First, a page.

The other day, I suddenly had the urge to bake a cake. Usually, when the urge to bake strikes, it is pretty vague - I just feel like baking, and then have to figure out what sounds good. This time, the urge was specific. I felt like making a cake. A streussel cake. Not sure where that came from, but there it was.
As luck would have it, we had just recently stumbled across a recipe for a yellow cake that was claimed to be the best. And since the recipe has survived for 100 years and is still said to be the best, well, I was inclined to believe it.
As additional luck would have it, my mother in law was happy to loan me her bundt pan, which made the prospect of baking a streussel cake even more enticing.
The first step was to prepare the streussel topping. I don't have a standard streussel topping recipe, so I kinda winged it. We started by crushing some pecans, a job little miss was more than happy to help with. The nuts were mixed with some brown sugar, cinnamon and flour, to which we then cut in some butter. We sprinkled a little bit of the topping into the bottom of the greased bundt pan, then set the rest aside to be used later.
My budding baker helped me measure, pour and work the mixer. The batter actually came together beautifully, and I was extremely pleased with the recipe selection.
Once the batter was prepared, we poured half into the bundt pan, over the light layer of streussel topping, and then proceeded to sprinkle on the remaining topping. Little miss loves any opportunity to dive into a recipe with her hands, and this was no exception. Once we had a good layer of the nutty topping on there, we covered it up with the second half of the cake batter.
Then came the tricky part - the yellow cake recipe is written with a baking time assuming that you are baking it in two eight-inch round cake pans. A bundt pan makes a much thicker cake, and I wasn't exactly sure how to adjust that baking time. Obviously it would need more time, but I wasn't sure how much. I started with adding ten minutes to the recommened 30 minutes. When the timer beeped, I checked the cake, and it was definitely not ready, so I set the timer for ten more minutes. Still not done, but much closer. After five more minutes, I knew we were close. Two more minutes did the trick.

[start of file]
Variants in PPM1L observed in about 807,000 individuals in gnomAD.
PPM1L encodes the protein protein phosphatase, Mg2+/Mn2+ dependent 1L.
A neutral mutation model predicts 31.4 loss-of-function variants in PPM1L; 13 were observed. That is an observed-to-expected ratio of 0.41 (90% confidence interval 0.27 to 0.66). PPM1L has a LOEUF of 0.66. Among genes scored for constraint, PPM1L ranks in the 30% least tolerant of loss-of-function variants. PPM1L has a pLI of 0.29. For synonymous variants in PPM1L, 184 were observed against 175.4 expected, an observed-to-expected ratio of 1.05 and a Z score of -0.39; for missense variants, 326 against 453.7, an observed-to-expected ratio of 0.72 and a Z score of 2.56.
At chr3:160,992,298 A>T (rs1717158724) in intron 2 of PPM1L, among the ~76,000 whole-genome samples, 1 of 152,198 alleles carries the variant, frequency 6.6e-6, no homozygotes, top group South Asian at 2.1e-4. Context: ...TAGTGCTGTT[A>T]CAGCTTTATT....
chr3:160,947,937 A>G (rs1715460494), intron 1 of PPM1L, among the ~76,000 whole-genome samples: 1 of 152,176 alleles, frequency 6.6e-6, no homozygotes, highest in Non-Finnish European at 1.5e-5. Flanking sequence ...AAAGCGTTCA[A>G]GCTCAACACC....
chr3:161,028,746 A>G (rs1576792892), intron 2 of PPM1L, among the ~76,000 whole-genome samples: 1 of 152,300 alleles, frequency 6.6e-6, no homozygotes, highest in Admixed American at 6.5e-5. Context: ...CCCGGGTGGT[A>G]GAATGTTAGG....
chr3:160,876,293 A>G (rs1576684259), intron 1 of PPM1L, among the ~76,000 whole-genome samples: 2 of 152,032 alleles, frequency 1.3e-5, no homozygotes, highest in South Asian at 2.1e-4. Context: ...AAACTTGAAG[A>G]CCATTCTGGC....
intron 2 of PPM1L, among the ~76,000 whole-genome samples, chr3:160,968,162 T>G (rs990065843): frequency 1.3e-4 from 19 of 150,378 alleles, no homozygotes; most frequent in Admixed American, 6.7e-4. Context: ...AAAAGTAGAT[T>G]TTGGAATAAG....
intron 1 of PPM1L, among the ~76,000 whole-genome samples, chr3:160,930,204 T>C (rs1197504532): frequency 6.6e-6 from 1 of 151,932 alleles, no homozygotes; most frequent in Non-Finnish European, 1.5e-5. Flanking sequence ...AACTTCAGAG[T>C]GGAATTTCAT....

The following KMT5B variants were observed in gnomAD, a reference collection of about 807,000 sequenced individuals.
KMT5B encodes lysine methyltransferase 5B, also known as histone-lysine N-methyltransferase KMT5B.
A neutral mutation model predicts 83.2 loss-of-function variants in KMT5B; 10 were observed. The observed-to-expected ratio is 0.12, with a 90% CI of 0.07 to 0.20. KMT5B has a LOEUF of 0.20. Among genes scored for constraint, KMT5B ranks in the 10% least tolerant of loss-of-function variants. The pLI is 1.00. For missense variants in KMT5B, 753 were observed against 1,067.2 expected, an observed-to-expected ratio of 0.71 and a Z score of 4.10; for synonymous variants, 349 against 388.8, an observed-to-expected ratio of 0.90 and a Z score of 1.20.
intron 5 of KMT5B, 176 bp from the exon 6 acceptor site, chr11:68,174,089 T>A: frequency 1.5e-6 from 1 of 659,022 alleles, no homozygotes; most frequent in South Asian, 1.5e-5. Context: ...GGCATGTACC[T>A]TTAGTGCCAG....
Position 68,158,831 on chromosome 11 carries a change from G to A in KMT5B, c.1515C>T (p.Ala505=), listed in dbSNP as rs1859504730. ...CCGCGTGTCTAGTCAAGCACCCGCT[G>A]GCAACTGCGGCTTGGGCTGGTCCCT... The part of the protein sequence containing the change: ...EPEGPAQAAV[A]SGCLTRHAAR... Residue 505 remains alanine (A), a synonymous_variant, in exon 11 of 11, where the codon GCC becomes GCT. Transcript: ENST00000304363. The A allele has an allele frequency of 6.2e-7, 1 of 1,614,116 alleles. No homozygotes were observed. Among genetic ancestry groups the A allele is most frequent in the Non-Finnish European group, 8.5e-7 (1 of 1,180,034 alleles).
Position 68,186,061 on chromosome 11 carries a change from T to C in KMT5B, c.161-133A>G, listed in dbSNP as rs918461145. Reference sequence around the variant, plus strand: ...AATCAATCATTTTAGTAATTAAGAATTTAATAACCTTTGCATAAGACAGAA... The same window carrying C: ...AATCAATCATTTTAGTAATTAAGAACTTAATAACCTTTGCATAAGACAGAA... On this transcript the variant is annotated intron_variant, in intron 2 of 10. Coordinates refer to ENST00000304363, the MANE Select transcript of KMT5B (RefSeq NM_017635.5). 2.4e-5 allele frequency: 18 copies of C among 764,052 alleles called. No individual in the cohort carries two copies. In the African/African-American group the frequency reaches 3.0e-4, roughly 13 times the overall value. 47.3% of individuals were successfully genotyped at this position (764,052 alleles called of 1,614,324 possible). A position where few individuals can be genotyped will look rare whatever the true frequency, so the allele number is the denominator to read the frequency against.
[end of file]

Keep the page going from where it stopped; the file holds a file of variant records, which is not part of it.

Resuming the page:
Once the cake cooled for a couple of minutes, I turned it out onto a plate to finish cooling. But we weren't ready to serve it yet - it still needed one finishing touch. Little miss and I have become pretty big fans of glaze toppings on our cakes, so of course we felt that this cake was incomplete without one. Our usual concoction of confectioners sugar, milk and a touch of vanilla extract came together beautifully, and made the perfect decorative (not to mention, tasty) drizzle.
All that was left to do was to wait for dinner to be done to cut into this! When we did, I was interested to see that the "middle" layer of streussel topping had migrated almost all the way to the top of the cake, rather than remaining in the middle. I am not sure if was because the topping was too heavy or because the cake batter was a little too delicate to hold it up. Regardless, the cake was delicious. It made a great dessert that night, and an even better breakfast the next morning.
I can guarantee that I will be making the yellow cake recipe again, for different uses, and in different incarnations. I will also use the bundt pan again before returning it to my mother in law - it definitely adds a new layer of fun to cake baking. All in all, not too shabby for a sudden baking urge.
1 month ago